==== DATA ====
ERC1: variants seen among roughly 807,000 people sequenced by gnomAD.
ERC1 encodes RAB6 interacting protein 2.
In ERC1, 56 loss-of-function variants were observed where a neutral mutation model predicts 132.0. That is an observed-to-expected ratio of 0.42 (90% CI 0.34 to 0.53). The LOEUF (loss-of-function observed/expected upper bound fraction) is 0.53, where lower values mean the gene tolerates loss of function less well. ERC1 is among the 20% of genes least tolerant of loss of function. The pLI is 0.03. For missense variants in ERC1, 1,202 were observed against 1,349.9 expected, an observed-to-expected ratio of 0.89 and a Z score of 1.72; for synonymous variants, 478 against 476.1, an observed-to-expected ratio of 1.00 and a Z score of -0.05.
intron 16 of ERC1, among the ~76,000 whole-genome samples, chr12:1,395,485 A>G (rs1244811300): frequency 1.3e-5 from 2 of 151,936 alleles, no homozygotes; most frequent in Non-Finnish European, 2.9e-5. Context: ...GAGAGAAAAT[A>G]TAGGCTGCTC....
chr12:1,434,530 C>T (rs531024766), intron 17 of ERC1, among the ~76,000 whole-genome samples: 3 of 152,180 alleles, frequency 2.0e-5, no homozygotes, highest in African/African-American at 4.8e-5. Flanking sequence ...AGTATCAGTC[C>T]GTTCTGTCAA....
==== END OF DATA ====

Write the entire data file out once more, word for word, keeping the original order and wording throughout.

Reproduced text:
ERC1: variants seen among roughly 807,000 people sequenced by gnomAD.
ERC1 encodes RAB6 interacting protein 2.
In ERC1, 56 loss-of-function variants were observed where a neutral mutation model predicts 132.0. That is an observed-to-expected ratio of 0.42 (90% CI 0.34 to 0.53). The LOEUF (loss-of-function observed/expected upper bound fraction) is 0.53, where lower values mean the gene tolerates loss of function less well. ERC1 is among the 20% of genes least tolerant of loss of function. The pLI is 0.03. For missense variants in ERC1, 1,202 were observed against 1,349.9 expected, an observed-to-expected ratio of 0.89 and a Z score of 1.72; for synonymous variants, 478 against 476.1, an observed-to-expected ratio of 1.00 and a Z score of -0.05.
intron 16 of ERC1, among the ~76,000 whole-genome samples, chr12:1,395,485 A>G (rs1244811300): frequency 1.3e-5 from 2 of 151,936 alleles, no homozygotes; most frequent in Non-Finnish European, 2.9e-5. Context: ...GAGAGAAAAT[A>G]TAGGCTGCTC....
chr12:1,434,530 C>T (rs531024766), intron 17 of ERC1, among the ~76,000 whole-genome samples: 3 of 152,180 alleles, frequency 2.0e-5, no homozygotes, highest in African/African-American at 4.8e-5. Flanking sequence ...AGTATCAGTC[C>T]GTTCTGTCAA....